Danish bank mergers and acquisitions wave to continue after ‘revealing’ deal in 2020
Four merger announcements towards the end of 2020 marked the start of a wave of consolidation in the Danish banking sector which analysts say will continue into 2021. Future transactions, however, may not offer the same opportunities for value creation due to recent increases in stock prices.
Banking transactions resumed across Europe in 2020, and Denmark was no exception. Sparekassen VendsysselThe agreement reached by Salling Bank A / S at the end of September was followed by three other transactions in as many months. Among them, Sydbank A / S bought Alm. The banking arm of Brand A / S, Vestjysk Bank A / S acquiring Den Jyske Sparekasse A / S and Spar Nord Bank A / S taking over the Danish activities of P / F BankNordik.
Further mergers and acquisitions activity followed this year, with Arbejdernes Landsbank A / S announcing on March 24 that it would take a majority stake in Vestjysk Bank. While the two banks will continue to operate independently, Mads Thinggaard, equity analyst at ABG Sundal Collier, considers it likely that Arbejdernes Landsbank will complete a full merger at a later stage.
The surge in transactions comes after years of declining profitability in the Danish banking sector, with an average return on equity falling to 4.99% in 2020, from 11.17% in 2017, according to data from S&P Global Market Intelligence. The average cost-to-income ratio increased to 61.48% from 50.00% during the same period.
Rising capital requirements, tighter regulation and rising IT costs make it too expensive for small and medium-sized Danish banks to operate in particular, said Mikkel Emil Jensen, equity analyst at Sydbank, in an interview. Add these factors to a fairly fragmented Danish banking market that has long faced pressure on margins in light of years of negative interest rates, and you have a market ripe for consolidation.
“The motivation to consolidate is certainly not less in 2021”, Said Jensen.
The transactions towards the end of 2020 were “a revelation that it is possible to create tremendous shareholder value by going through these mergers,” Thinggaard told S&P Global Market Intelligence.
The acquisition of Den Jyske Sparekasse by Vestjysk Bank, for example, led to an overbid of 40% for the shareholders of the acquired part, Thinggaard mentionned. He expects buyer’s EPS to increase by 30% from the transaction – a “huge reward” for shareholders of both banks. Meanwhile, Thinggaard estimates that Sydbank’s EPS will rise 15% to 20% after its “relatively small deal” to acquire Alm. Brand bank.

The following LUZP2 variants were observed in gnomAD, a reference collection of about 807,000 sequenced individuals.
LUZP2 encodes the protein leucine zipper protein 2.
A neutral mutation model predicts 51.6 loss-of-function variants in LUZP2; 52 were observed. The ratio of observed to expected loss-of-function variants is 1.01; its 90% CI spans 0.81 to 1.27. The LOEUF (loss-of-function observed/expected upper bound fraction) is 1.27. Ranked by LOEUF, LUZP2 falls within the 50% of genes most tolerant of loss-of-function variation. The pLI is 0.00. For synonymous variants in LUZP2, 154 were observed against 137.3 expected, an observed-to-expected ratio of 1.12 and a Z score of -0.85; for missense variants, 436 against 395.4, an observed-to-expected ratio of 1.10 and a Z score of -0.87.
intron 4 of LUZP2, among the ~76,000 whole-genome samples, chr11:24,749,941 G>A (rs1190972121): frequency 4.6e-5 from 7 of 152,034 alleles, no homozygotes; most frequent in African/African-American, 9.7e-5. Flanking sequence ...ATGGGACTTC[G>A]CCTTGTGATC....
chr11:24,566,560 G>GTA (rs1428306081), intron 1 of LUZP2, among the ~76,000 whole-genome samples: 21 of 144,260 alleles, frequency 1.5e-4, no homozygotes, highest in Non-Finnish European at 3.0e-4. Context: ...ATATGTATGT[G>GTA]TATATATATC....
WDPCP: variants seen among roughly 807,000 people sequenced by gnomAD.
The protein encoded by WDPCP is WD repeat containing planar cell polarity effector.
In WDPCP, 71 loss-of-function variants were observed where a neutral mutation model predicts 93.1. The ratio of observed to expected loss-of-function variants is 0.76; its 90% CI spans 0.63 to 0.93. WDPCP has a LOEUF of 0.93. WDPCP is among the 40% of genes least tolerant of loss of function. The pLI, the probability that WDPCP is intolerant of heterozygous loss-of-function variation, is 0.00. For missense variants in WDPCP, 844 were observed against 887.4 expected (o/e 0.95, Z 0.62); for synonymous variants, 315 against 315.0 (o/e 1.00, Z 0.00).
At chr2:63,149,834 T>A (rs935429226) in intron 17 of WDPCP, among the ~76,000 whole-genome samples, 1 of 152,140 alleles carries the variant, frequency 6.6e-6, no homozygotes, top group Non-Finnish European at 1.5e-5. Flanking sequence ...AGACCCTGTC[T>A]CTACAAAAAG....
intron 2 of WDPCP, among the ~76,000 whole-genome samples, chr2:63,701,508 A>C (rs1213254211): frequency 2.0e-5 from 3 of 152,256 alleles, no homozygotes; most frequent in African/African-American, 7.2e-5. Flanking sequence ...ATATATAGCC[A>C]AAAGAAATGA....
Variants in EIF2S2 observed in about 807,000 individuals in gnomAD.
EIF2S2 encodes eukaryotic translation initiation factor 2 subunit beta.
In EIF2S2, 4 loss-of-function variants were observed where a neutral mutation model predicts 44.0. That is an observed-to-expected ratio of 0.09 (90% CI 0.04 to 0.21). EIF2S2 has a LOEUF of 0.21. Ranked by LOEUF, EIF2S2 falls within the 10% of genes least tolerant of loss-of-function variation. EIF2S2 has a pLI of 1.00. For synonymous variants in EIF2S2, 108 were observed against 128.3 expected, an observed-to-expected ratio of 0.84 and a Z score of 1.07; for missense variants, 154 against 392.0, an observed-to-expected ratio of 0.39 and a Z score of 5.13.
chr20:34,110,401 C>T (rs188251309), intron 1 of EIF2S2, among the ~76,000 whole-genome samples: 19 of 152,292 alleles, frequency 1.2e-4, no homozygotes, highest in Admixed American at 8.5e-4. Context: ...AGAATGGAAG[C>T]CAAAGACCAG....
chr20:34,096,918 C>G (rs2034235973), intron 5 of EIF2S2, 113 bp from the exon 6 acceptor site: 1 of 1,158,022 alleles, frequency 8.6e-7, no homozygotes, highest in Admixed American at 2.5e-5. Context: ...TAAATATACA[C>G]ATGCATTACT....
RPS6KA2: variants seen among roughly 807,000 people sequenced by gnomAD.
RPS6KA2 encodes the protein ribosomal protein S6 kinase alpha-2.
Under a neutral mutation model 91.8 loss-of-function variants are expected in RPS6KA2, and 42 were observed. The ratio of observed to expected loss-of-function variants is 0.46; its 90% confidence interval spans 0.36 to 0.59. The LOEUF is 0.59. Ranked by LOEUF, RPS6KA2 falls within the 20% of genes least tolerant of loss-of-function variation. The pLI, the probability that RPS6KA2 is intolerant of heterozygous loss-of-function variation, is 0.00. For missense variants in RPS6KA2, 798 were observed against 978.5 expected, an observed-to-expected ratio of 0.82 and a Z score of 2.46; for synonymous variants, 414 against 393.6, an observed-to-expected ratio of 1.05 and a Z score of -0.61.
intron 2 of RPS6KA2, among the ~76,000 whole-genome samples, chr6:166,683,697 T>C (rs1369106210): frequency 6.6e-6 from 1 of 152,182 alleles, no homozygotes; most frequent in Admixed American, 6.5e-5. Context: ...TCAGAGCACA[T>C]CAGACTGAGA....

A common feature of transactions in late 2020 was that they were driven by desire rather than financial distress, said Nicholas Rohde, owner of BankResearch, a provider of financial institutions data and analysis in Denmark. Although Danish banks have taken large provisions for coronavirus-related loan losses, they have done quite well in 2020 and have so far suffered very few actual loan losses, he said in a statement. interview.
On the contrary, banks have sought to increase their profitability and take advantage of cost synergies, said Rohde, who expects the same factors to lead to more mergers in 2021. He plans to merge two banks in particular. . – which includes lenders such as Ringkjøbing Landbobank A / S, Sparekassen Sjælland-Fyn A / S and Jutlander Bank A / S – will consider potential targets primarily among the smaller banks in group three.
Danish banks are ranked by the country’s financial regulator, with institutions in groups one to four ranked according to the size of their working capital. The regulator’s recently released list of groups, based on reports from the third quarter of 2020, had a total of 90 Danish banks or branches of foreign banks.
Jensen agreed that most future deals are likely to be between small and medium-sized banks, adding that such mergers typically face fewer hurdles in gaining approval from competition authorities. But recent activity suggests there is also an appetite among the big players if an opportunity presents itself, he said.
While the drivers behind recent deals are not directly linked to the COVID-19 pandemic, regulators’ restrictions on dividends throughout the crisis have left many banks in Denmark with a large capital surplus. that they are now seeking to put to work elsewhere, Thinggaard said.
The Danish financial regulator has asked banks to suspend dividend payments for 2019 and called for a limit on payments for 2020. Despite these restrictions, Alm. Brand’s sale of its banking business to Sydbank shows that institutions are allowed to distribute the paid-up capital of a sale, Thinggaard said.
A growing focus on mergers and acquisitions has boosted stock valuations at Danish banks, Thinggaard said. This, combined with a positive global sentiment towards bank stocks and the improved business model of Danish financial institutions, has resulted in significant gains in share prices in the Danish banking sector in recent months, he added.
In the six months following the announcement of the Sparekassen Vendsyssel-Salling Bank deal, the S&P Denmark BMI Banks Industry index rose 44%, according to data from the S&P Dow Jones indices.
As a result, future deals are unlikely to generate as much value creation as those announced in 2020, Thinggaard said, although he still foresees deal opportunities that “will make sense and deliver shareholder value. “and believes that the Danish banking sector is likely. to see more mergers this year.
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